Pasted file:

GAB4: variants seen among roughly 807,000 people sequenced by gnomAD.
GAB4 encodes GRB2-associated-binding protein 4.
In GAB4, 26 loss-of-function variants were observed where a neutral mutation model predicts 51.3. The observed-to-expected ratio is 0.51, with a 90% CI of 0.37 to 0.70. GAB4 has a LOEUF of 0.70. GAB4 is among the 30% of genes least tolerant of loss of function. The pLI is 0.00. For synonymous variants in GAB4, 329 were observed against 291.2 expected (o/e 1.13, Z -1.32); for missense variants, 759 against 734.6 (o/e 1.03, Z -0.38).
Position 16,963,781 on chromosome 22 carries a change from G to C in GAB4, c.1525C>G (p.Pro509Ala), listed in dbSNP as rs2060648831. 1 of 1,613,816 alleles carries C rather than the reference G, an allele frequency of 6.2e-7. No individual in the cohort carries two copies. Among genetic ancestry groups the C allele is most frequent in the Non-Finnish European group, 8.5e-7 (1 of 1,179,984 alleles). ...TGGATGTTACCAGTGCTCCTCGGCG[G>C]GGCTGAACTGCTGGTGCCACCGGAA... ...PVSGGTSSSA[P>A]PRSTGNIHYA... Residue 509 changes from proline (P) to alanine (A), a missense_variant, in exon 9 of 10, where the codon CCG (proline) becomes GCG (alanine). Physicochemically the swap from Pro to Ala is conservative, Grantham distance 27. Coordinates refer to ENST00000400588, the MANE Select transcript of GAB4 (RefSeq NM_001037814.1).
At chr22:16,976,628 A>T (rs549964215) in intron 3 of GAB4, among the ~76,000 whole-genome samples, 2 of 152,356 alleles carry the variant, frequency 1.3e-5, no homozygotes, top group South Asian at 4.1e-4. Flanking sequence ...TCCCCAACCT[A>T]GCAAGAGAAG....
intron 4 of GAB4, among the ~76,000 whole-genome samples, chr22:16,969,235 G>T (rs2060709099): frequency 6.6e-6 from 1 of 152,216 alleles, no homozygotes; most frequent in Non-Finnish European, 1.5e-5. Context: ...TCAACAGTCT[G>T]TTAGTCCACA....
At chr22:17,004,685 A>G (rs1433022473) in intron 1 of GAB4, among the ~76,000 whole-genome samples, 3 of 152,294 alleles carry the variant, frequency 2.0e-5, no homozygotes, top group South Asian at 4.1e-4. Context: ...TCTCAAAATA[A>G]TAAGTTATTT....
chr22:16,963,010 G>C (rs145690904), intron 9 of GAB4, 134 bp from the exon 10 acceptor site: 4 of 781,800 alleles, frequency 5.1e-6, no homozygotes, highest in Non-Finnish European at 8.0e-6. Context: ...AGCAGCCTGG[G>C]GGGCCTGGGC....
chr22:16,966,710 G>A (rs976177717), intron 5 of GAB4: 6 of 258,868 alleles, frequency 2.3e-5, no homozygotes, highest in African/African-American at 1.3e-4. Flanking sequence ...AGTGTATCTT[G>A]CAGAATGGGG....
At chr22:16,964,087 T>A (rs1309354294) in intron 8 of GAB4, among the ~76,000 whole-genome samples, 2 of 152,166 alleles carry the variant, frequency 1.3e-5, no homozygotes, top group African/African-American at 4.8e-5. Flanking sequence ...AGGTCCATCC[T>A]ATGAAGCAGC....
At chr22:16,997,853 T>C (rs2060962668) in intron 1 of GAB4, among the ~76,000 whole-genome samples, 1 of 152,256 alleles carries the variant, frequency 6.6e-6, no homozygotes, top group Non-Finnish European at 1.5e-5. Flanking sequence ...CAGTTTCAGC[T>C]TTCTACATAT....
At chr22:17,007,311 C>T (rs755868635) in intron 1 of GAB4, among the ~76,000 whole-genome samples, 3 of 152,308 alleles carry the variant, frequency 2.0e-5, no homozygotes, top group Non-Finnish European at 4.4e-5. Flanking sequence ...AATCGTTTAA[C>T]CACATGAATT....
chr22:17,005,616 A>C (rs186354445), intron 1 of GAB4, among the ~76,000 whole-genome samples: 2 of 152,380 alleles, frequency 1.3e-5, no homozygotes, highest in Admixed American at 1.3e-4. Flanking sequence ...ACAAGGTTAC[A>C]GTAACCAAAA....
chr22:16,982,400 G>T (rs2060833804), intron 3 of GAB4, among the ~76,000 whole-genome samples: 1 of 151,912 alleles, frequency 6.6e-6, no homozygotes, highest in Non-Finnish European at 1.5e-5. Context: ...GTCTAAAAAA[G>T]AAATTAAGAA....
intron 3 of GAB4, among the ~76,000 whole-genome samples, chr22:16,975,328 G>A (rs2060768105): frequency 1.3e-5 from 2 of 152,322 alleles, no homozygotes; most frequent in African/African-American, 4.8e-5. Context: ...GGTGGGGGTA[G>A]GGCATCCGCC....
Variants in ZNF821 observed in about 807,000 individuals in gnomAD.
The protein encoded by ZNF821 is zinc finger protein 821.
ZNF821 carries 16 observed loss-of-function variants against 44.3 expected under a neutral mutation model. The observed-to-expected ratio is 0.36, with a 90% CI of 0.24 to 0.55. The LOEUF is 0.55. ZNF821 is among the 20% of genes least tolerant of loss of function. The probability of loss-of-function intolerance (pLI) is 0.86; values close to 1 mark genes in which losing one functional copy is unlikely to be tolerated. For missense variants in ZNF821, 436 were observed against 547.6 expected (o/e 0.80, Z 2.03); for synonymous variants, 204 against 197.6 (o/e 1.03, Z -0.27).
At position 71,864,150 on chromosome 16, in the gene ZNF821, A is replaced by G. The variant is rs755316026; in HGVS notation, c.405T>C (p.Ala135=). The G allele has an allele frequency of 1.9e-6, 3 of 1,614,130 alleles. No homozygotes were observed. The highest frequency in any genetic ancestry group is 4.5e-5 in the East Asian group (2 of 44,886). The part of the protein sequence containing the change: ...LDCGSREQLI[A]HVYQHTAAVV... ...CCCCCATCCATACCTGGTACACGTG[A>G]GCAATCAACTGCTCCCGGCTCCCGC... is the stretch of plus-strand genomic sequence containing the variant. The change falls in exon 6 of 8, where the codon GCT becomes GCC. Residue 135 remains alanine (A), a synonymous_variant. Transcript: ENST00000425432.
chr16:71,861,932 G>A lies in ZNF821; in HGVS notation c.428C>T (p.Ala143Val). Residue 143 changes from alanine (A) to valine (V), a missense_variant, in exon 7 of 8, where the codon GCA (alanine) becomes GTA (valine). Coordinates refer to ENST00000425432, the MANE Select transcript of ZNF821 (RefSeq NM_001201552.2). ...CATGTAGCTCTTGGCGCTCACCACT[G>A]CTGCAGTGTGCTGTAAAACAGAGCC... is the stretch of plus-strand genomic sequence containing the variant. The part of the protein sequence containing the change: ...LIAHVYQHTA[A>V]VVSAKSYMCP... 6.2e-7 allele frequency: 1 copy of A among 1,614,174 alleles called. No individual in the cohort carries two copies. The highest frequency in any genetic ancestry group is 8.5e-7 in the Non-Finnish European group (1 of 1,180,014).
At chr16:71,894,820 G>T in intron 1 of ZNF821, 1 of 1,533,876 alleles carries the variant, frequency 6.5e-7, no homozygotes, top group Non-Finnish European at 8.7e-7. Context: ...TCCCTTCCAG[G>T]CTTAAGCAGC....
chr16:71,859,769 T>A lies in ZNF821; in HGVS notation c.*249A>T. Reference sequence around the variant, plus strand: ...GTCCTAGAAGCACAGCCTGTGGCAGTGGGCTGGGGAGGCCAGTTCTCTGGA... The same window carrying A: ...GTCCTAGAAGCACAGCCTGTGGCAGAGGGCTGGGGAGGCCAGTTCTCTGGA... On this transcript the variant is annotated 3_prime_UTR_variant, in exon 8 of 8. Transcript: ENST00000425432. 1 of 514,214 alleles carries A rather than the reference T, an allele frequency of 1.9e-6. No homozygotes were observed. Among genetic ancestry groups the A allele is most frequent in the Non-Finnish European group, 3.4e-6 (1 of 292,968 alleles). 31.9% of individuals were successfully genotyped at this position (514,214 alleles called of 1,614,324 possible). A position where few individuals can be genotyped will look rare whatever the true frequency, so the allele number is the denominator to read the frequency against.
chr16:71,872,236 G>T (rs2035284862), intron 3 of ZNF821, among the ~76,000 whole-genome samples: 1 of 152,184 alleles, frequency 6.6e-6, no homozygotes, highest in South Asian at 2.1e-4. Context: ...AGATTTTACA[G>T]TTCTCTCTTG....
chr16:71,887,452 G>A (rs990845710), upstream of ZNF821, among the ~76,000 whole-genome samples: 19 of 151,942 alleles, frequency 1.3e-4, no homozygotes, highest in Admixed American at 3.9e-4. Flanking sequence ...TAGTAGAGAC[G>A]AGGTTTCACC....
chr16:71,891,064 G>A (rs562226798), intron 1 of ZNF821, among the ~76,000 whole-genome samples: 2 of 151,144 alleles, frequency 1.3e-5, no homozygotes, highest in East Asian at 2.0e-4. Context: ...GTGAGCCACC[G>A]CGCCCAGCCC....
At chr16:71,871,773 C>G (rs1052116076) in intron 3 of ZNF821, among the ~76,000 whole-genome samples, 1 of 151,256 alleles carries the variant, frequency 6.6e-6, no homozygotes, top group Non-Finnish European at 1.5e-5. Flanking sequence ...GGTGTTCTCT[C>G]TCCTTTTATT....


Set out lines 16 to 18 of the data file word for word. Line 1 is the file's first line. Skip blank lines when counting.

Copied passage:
Variants in ZNF821 observed in about 807,000 individuals in gnomAD.
The protein encoded by ZNF821 is zinc finger protein 821.
ZNF821 carries 16 observed loss-of-function variants against 44.3 expected under a neutral mutation model. The observed-to-expected ratio is 0.36, with a 90% CI of 0.24 to 0.55. The LOEUF is 0.55. ZNF821 is among the 20% of genes least tolerant of loss of function. The probability of loss-of-function intolerance (pLI) is 0.86; values close to 1 mark genes in which losing one functional copy is unlikely to be tolerated. For missense variants in ZNF821, 436 were observed against 547.6 expected (o/e 0.80, Z 2.03); for synonymous variants, 204 against 197.6 (o/e 1.03, Z -0.27).